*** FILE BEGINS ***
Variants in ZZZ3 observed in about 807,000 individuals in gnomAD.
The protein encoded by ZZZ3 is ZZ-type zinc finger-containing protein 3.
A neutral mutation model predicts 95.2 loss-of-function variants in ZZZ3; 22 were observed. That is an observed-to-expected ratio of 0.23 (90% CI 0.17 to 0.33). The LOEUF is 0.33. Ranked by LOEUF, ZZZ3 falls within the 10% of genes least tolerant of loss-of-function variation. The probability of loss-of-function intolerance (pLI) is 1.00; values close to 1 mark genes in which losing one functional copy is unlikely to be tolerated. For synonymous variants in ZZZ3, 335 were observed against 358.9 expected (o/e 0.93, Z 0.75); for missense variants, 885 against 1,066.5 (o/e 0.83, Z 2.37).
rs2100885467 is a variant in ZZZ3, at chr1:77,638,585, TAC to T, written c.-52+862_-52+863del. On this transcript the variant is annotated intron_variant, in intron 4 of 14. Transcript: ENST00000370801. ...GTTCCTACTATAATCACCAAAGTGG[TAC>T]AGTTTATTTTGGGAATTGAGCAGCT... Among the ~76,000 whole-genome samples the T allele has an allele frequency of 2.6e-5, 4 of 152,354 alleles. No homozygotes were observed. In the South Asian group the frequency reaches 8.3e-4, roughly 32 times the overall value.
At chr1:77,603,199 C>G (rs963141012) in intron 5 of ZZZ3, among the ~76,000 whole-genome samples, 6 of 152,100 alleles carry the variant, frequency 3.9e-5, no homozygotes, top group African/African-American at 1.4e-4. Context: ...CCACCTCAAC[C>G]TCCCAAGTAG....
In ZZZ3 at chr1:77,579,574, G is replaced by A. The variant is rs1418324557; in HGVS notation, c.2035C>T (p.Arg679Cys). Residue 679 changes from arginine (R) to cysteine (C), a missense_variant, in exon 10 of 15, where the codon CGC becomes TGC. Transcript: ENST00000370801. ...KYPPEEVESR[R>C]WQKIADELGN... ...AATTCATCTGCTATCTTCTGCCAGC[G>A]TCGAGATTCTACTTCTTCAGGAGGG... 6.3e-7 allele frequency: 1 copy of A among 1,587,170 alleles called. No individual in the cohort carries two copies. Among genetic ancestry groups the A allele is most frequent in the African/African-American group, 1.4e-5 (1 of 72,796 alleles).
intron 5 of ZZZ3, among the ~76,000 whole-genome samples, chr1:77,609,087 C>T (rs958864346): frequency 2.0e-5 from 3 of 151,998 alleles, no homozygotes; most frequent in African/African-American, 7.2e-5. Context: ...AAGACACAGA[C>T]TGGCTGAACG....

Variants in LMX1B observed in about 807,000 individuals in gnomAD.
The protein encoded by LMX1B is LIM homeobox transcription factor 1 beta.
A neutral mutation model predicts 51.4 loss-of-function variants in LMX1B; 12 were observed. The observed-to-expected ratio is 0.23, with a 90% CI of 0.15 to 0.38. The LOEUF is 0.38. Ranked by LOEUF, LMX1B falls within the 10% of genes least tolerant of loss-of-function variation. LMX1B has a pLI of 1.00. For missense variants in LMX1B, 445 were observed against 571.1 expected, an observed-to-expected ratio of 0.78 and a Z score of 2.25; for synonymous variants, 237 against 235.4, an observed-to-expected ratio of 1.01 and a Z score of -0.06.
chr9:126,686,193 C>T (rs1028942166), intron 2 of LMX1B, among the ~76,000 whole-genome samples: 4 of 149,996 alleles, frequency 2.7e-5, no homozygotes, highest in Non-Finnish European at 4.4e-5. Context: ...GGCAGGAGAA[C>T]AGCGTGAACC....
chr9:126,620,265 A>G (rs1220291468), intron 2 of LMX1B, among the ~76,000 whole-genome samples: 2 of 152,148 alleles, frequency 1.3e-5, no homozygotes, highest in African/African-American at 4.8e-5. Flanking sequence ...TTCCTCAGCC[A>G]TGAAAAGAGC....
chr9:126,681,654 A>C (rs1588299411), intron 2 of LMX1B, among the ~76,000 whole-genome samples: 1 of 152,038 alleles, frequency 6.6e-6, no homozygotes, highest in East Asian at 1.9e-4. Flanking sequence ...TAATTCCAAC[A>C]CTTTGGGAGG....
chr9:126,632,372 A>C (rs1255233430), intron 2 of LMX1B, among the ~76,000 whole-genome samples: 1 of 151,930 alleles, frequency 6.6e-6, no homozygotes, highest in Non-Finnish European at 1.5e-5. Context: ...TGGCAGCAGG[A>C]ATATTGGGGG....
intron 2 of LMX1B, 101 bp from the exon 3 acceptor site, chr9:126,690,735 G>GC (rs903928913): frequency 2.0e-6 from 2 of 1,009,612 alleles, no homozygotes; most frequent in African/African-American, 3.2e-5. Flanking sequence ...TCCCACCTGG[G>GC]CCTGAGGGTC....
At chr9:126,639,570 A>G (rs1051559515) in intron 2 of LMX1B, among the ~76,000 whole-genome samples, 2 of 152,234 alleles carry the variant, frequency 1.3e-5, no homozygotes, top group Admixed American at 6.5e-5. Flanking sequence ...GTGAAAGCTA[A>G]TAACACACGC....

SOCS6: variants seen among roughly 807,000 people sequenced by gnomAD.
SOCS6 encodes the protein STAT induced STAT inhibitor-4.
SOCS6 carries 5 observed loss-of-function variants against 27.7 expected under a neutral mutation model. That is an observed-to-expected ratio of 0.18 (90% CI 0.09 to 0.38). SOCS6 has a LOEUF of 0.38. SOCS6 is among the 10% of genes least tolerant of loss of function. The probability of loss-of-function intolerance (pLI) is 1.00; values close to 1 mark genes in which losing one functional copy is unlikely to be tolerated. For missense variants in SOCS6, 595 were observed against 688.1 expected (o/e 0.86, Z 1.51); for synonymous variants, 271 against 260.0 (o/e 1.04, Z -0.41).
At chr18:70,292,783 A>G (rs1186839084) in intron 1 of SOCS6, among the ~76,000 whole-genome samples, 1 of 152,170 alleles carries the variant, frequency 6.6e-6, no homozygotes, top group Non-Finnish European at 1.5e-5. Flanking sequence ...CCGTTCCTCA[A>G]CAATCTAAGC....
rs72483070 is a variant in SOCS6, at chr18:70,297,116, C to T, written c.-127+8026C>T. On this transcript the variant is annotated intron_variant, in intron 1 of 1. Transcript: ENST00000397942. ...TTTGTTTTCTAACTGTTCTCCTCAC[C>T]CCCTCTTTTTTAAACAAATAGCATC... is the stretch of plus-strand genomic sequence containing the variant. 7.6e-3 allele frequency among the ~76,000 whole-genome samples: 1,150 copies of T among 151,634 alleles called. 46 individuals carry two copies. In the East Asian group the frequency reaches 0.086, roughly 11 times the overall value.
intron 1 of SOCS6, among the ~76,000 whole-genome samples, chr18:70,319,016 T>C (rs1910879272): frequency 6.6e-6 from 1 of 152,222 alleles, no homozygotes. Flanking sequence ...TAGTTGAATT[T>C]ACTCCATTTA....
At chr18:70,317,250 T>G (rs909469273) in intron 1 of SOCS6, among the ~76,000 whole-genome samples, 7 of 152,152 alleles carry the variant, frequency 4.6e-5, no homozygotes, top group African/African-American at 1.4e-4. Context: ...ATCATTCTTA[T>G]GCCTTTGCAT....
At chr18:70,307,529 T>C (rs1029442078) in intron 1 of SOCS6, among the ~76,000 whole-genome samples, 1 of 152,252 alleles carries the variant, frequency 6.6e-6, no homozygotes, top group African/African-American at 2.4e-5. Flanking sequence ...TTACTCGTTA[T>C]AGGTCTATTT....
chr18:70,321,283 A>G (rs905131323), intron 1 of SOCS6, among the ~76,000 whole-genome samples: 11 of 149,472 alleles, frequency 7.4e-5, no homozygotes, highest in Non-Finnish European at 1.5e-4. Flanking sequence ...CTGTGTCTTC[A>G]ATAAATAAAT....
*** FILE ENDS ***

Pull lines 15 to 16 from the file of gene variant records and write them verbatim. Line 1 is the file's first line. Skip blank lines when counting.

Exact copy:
intron 2 of LMX1B, 101 bp from the exon 3 acceptor site, chr9:126,690,735 G>GC (rs903928913): frequency 2.0e-6 from 2 of 1,009,612 alleles, no homozygotes; most frequent in African/African-American, 3.2e-5. Flanking sequence ...TCCCACCTGG[G>GC]CCTGAGGGTC....
At chr9:126,639,570 A>G (rs1051559515) in intron 2 of LMX1B, among the ~76,000 whole-genome samples, 2 of 152,234 alleles carry the variant, frequency 1.3e-5, no homozygotes, top group Admixed American at 6.5e-5. Flanking sequence ...GTGAAAGCTA[A>G]TAACACACGC....